Alright – so today we’ve got the honor of introducing you to Anthony Rodriguez. We think you’ll enjoy our conversation, we’ve shared it below.
Anthony , looking forward to hearing all of your stories today. We’d love to hear about when you first realized that you wanted to pursue a creative path professionally.
That’s a hard question for me. There can be many starting points in my music life. It would probably be the moment I made $75 at a gig when I was 17-18 years of age. I played for a salsa band that would play at places and we would get paid some money, also played for another band that would also pay. I would eventually scale up to better quality bands where I would then play for Artists and make more money as pianist. In the recording scenario, it was more creative with friends, but eventually I started charging other people for my services as a session and music producer. So, things just went along, the more I did, the more people knew who I was. References from people I worked with led to new works with other people. I pretty much, took advantage of every opportunity just like I do now.
Anthony , before we move on to more of these sorts of questions, can you take some time to bring our readers up to speed on you and what you do?
Well, I got into the industry as an independent musician doing lots of work for independent artists both live and recordings. It all began in my 18 years of age where I had the opportunity to play with bands, and I just took myself to the next level never looking back. The discipline to do what I do today, is important. The music life when it works, it’s a blessing. But like any business, it can also go down. It takes good discipline to move forward without giving up. There’s so much that can go with this subject, but just staying disciplined is a major key. Not only in the business side of things, but with improving your craft. Studying and expanding as a musician was and still is imperative to my career. The lovely thing about music is, I’m not limited to my side. I get to work in all facets of music. Where one month I can be creating scores for a Motion Picture, another month, I can be engineering hip hop session, other times, I’m a session musician, music producing records, I can also be working together with music publishers on bespoke music; the list is long. One of the not-so parts of working as a music composer are the revisions. We all hate it. However, for me to be a solution-maker I have to be willing to meet the film-directors or publishers vision in my score/soundtrack. At times the revision can reach 10th version. There are higher numbers in the industry. As much as us musicians want our first creative ideas to be the one chosen, I understand that there’s a vision and I believe there’s so much in an idea of a director that music is just a small speck of detail, and it can also be big in value. I’m happy and finished when the director or an client is happy.
I’m most proud of doing things I’ve never don’t before. When I see a finished product out, I feel greatly accomplished of that. And I general anything I get to work on, when it’s released to the world, I am happy. I love working with people that know what they want, and I can focus on building a musical idea where we can journey together and reach the finish line.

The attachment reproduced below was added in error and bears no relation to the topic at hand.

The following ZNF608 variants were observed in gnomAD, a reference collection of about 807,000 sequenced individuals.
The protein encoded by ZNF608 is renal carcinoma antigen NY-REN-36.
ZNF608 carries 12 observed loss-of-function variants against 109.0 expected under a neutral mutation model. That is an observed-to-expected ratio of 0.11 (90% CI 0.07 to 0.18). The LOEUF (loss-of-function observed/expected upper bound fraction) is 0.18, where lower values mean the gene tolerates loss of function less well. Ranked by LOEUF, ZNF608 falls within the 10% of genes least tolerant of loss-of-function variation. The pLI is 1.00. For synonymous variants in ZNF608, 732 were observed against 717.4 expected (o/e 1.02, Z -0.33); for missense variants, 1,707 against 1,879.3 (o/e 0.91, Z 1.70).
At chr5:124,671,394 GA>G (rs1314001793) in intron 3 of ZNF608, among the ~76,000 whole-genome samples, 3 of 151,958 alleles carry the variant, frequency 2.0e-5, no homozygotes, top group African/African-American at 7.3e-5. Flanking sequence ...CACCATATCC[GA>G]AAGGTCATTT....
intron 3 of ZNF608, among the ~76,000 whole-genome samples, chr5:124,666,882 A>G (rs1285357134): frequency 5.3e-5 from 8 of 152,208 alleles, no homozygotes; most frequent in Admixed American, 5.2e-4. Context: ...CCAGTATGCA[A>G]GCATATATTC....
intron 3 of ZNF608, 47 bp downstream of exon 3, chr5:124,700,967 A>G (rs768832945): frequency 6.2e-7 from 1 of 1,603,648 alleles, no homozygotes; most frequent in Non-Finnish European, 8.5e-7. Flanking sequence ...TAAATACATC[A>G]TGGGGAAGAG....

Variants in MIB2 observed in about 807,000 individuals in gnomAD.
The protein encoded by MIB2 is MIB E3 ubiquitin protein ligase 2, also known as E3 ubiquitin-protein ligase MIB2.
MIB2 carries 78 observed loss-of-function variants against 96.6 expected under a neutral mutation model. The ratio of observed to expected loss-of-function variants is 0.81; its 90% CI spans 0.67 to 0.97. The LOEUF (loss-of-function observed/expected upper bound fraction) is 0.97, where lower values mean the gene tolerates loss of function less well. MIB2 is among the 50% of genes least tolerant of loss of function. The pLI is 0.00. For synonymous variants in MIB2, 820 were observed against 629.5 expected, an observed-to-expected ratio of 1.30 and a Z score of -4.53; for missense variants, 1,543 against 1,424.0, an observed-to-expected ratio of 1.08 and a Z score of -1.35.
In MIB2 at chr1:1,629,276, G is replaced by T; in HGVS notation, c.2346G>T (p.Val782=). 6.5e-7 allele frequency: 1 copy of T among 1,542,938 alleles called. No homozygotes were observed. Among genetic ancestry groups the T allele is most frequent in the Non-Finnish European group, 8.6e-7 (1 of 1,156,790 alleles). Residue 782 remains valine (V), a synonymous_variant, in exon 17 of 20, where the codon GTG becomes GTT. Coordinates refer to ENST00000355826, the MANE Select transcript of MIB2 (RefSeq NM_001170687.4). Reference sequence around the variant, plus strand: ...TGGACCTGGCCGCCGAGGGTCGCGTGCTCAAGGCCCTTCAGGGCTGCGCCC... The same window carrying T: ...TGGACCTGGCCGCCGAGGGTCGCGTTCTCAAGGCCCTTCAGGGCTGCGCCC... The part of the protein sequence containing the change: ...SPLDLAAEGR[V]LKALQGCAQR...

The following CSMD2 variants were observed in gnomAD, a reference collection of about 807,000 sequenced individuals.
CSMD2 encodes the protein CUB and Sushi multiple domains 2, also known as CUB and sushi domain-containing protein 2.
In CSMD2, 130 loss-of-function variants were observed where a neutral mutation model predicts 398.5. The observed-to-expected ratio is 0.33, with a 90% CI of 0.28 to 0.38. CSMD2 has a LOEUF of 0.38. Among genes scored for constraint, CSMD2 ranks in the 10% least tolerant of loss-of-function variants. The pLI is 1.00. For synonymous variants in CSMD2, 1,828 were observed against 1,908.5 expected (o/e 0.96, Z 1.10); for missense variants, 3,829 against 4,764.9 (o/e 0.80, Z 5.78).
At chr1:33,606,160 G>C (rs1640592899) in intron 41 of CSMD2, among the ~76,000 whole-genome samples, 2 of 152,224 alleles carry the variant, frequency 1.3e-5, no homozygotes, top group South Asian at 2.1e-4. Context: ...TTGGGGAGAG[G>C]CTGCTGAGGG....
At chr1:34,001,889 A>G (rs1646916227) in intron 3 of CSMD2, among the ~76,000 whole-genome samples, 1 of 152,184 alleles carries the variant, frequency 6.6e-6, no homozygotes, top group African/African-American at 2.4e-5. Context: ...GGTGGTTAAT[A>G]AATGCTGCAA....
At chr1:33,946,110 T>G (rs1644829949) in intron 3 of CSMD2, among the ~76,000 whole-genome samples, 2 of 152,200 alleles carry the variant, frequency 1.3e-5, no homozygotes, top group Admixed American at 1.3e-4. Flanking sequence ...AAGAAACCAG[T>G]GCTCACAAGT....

We often hear about learning lessons – but just as important is unlearning lessons. Have you ever had to unlearn a lesson?
This is a good question. I don’t get to talk much about it, it’s having a favorite genre. What a bad thing it is for musicians. Before COVID hit I was leaning away from always producing Latin music. In 2019 I ended my Salsa Remix series which you can watch on my YouTube page. I had told my group I need to step away from doing Latin music, and so I stopped it. Being mostly in Latin music has limited me in expanding my highest potential and has held me hostage. I was always a versatile musician, but I wanted so bad to work in the Latin side of music. Many bad vibes in the scene even with people I thought they would help me. So i began working on general stuff in music and building up my portfolio and releasing music and just having a great time. One of the things I did was make a YouTube series of me playing piano to Disney songs. I would grab the a cappella of the songs and I would record me playing the piano, with the Disney music videos, but you would only see the music video and hear only the voice and me playing the piano. It was actually fun. I wanted to show my theatrical side even though I wasn’t in theater, but I wanted to show my versatility in music. From there things changed for me mentality and physically as well. I felt different and more capable of doing bigger things. I still do some Latin music works of course, but not as much as before.
We’d love to hear your thoughts on NFTs. (Note: this is for education/entertainment purposes only, readers should not construe this as advice)
I honestly think NFTs are made for those people that have a following on social media. Influencers that can invite people to an auction or a unique peace of art and pay big bucks for it. I don’t think the NFT platform isn’t good for indie artist that can’t barely get attention online. It’s a rough subject.
- Website: www.anthonyrodriguezonline.com
- Instagram: www.Instagram.com/anthonyrodriguezmusic
- Facebook: www.Facebook.com/anthonyrodriguezonline
- Linkedin: https://www.linkedin.com/in/anthonyrodriguezonline
- Twitter: www.twitter.com/iamantrodriguez
- Youtube: https://youtube.com/c/AnthonyRodriguezOnline
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